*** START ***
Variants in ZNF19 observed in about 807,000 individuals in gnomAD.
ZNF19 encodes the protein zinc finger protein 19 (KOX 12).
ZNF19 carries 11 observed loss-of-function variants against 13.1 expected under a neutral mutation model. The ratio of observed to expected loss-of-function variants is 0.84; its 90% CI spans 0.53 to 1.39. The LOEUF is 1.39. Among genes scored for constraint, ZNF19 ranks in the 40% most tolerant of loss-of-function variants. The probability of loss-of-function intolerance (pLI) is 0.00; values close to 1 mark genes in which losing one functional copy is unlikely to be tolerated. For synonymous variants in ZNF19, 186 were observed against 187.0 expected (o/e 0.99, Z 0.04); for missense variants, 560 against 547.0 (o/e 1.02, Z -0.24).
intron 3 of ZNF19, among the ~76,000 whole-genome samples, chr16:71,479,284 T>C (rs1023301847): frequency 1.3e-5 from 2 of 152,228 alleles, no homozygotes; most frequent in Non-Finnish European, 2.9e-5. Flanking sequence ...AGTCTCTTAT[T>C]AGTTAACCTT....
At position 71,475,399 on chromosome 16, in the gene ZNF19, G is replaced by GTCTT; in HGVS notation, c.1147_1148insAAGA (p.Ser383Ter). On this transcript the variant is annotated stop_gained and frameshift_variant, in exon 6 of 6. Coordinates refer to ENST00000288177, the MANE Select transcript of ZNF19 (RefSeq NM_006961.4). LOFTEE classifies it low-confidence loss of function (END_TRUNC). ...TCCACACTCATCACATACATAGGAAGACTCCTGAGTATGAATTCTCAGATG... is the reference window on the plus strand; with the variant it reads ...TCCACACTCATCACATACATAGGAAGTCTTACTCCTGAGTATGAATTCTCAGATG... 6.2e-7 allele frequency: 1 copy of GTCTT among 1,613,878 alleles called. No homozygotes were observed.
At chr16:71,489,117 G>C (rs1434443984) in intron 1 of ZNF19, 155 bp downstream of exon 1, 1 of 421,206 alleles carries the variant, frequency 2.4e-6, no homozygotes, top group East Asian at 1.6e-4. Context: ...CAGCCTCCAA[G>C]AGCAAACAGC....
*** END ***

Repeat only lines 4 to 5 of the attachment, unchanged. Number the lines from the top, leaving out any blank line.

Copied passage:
intron 3 of ZNF19, among the ~76,000 whole-genome samples, chr16:71,479,284 T>C (rs1023301847): frequency 1.3e-5 from 2 of 152,228 alleles, no homozygotes; most frequent in Non-Finnish European, 2.9e-5. Flanking sequence ...AGTCTCTTAT[T>C]AGTTAACCTT....
At position 71,475,399 on chromosome 16, in the gene ZNF19, G is replaced by GTCTT; in HGVS notation, c.1147_1148insAAGA (p.Ser383Ter). On this transcript the variant is annotated stop_gained and frameshift_variant, in exon 6 of 6. Coordinates refer to ENST00000288177, the MANE Select transcript of ZNF19 (RefSeq NM_006961.4). LOFTEE classifies it low-confidence loss of function (END_TRUNC). ...TCCACACTCATCACATACATAGGAAGACTCCTGAGTATGAATTCTCAGATG... is the reference window on the plus strand; with the variant it reads ...TCCACACTCATCACATACATAGGAAGTCTTACTCCTGAGTATGAATTCTCAGATG... 6.2e-7 allele frequency: 1 copy of GTCTT among 1,613,878 alleles called. No homozygotes were observed.